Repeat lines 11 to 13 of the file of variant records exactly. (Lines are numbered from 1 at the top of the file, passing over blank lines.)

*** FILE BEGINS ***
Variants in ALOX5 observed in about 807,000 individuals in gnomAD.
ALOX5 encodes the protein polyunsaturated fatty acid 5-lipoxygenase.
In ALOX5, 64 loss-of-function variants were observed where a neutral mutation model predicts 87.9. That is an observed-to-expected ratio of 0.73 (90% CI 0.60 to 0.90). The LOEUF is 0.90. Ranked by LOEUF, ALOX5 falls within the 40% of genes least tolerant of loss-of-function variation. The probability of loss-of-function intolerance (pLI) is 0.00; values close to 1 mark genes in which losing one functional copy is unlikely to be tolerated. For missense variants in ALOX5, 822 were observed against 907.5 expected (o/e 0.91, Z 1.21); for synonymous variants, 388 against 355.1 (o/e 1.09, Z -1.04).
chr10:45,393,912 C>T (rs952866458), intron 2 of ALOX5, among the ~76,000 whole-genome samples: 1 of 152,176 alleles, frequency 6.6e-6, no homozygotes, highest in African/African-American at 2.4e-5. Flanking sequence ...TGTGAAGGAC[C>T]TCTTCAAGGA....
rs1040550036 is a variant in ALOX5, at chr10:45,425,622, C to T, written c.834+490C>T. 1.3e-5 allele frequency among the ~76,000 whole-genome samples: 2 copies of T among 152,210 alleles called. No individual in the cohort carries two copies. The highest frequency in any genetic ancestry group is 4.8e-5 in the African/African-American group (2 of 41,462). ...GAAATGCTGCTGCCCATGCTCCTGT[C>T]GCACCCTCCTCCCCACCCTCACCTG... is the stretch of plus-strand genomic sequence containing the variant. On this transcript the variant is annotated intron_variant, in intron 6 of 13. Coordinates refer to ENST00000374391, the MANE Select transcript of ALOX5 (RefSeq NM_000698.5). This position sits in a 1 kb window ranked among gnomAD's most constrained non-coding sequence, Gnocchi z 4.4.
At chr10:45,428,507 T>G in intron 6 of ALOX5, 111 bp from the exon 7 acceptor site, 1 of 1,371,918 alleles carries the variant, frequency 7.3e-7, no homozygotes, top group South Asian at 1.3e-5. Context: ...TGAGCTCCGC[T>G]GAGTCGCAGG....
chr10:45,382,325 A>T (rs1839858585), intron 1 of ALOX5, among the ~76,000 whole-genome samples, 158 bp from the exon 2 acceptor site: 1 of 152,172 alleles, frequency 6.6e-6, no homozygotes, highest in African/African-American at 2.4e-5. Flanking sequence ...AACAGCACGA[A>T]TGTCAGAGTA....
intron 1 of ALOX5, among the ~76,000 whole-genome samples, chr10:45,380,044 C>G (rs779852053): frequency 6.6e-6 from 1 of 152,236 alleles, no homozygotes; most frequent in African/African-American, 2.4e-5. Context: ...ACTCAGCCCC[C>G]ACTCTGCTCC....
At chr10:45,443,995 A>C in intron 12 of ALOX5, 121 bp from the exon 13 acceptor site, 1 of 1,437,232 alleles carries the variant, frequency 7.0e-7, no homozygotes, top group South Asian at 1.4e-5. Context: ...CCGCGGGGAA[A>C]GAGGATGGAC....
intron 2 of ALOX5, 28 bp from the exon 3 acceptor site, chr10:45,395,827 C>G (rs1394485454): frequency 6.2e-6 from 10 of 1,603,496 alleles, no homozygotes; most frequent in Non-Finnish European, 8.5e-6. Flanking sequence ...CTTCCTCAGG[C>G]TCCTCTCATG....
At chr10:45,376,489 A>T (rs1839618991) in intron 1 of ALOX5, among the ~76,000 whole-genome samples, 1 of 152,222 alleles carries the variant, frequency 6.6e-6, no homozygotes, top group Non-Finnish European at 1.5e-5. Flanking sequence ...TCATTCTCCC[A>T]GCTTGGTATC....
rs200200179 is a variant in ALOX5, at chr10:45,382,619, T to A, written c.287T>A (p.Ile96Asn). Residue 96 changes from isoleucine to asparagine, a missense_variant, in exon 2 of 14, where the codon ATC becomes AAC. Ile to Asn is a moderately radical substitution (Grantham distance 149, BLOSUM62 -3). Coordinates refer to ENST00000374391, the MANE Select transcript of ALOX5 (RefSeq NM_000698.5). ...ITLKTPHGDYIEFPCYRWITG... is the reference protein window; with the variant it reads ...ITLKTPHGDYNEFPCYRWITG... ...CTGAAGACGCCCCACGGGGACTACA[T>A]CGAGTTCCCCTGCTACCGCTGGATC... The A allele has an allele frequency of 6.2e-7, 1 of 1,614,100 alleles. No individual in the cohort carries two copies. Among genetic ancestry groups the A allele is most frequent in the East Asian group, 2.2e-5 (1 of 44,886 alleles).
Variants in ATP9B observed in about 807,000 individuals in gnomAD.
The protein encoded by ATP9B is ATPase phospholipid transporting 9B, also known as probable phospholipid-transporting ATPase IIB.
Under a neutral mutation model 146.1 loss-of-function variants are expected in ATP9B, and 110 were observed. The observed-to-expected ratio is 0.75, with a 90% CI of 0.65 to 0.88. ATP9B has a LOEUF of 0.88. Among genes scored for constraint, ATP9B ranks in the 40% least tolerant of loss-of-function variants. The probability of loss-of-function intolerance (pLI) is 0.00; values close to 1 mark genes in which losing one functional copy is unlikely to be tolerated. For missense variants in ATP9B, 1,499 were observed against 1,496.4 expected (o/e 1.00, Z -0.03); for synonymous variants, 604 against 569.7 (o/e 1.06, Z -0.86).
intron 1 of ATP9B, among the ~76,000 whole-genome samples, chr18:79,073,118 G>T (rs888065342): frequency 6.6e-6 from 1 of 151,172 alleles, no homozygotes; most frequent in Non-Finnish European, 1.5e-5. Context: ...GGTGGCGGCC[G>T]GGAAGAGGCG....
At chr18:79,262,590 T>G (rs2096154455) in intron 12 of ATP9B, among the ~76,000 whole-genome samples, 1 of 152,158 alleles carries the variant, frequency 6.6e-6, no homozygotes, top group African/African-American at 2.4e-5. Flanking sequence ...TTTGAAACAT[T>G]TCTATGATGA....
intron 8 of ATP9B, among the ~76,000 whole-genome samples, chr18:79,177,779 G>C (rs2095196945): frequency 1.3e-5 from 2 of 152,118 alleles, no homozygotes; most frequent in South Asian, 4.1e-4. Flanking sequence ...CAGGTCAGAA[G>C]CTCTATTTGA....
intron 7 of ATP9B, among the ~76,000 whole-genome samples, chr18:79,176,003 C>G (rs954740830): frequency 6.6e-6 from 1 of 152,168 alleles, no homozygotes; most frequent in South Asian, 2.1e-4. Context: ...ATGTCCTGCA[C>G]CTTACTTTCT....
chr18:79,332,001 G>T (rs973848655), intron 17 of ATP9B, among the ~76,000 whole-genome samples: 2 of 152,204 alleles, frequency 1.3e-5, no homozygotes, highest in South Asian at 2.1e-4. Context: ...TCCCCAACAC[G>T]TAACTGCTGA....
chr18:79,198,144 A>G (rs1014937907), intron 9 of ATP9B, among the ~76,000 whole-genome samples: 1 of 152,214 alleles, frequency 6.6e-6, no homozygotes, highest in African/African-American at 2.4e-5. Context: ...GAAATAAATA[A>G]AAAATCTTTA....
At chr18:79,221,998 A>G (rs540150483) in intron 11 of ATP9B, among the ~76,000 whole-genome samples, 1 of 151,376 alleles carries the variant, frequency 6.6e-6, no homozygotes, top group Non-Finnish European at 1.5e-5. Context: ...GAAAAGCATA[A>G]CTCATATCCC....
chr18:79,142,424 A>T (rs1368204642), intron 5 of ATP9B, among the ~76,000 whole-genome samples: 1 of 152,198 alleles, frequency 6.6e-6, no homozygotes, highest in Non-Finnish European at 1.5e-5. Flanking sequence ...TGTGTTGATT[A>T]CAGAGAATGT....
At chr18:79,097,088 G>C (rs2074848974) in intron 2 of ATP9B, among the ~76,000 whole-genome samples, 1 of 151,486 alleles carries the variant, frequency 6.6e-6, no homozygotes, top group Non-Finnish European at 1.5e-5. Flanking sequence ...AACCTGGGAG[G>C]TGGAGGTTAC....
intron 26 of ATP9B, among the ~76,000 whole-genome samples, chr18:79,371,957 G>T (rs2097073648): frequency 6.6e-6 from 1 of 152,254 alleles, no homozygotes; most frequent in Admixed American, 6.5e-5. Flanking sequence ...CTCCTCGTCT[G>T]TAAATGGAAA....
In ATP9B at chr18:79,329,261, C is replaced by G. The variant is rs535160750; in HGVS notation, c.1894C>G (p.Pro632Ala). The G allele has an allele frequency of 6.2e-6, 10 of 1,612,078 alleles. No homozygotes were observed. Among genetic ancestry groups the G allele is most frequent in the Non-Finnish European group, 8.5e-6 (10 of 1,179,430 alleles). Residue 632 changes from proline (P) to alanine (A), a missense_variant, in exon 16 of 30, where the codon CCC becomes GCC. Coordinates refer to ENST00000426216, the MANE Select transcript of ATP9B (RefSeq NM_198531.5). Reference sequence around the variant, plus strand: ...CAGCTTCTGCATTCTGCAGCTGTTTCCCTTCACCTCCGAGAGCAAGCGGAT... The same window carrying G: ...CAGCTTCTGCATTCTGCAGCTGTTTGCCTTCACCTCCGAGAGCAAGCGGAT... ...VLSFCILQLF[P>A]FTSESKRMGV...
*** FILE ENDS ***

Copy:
At chr10:45,376,489 A>T (rs1839618991) in intron 1 of ALOX5, among the ~76,000 whole-genome samples, 1 of 152,222 alleles carries the variant, frequency 6.6e-6, no homozygotes, top group Non-Finnish European at 1.5e-5. Flanking sequence ...TCATTCTCCC[A>T]GCTTGGTATC....
rs200200179 is a variant in ALOX5, at chr10:45,382,619, T to A, written c.287T>A (p.Ile96Asn). Residue 96 changes from isoleucine to asparagine, a missense_variant, in exon 2 of 14, where the codon ATC becomes AAC. Ile to Asn is a moderately radical substitution (Grantham distance 149, BLOSUM62 -3). Coordinates refer to ENST00000374391, the MANE Select transcript of ALOX5 (RefSeq NM_000698.5). ...ITLKTPHGDYIEFPCYRWITG... is the reference protein window; with the variant it reads ...ITLKTPHGDYNEFPCYRWITG... ...CTGAAGACGCCCCACGGGGACTACA[T>A]CGAGTTCCCCTGCTACCGCTGGATC... The A allele has an allele frequency of 6.2e-7, 1 of 1,614,100 alleles. No individual in the cohort carries two copies. Among genetic ancestry groups the A allele is most frequent in the East Asian group, 2.2e-5 (1 of 44,886 alleles).
Variants in ATP9B observed in about 807,000 individuals in gnomAD.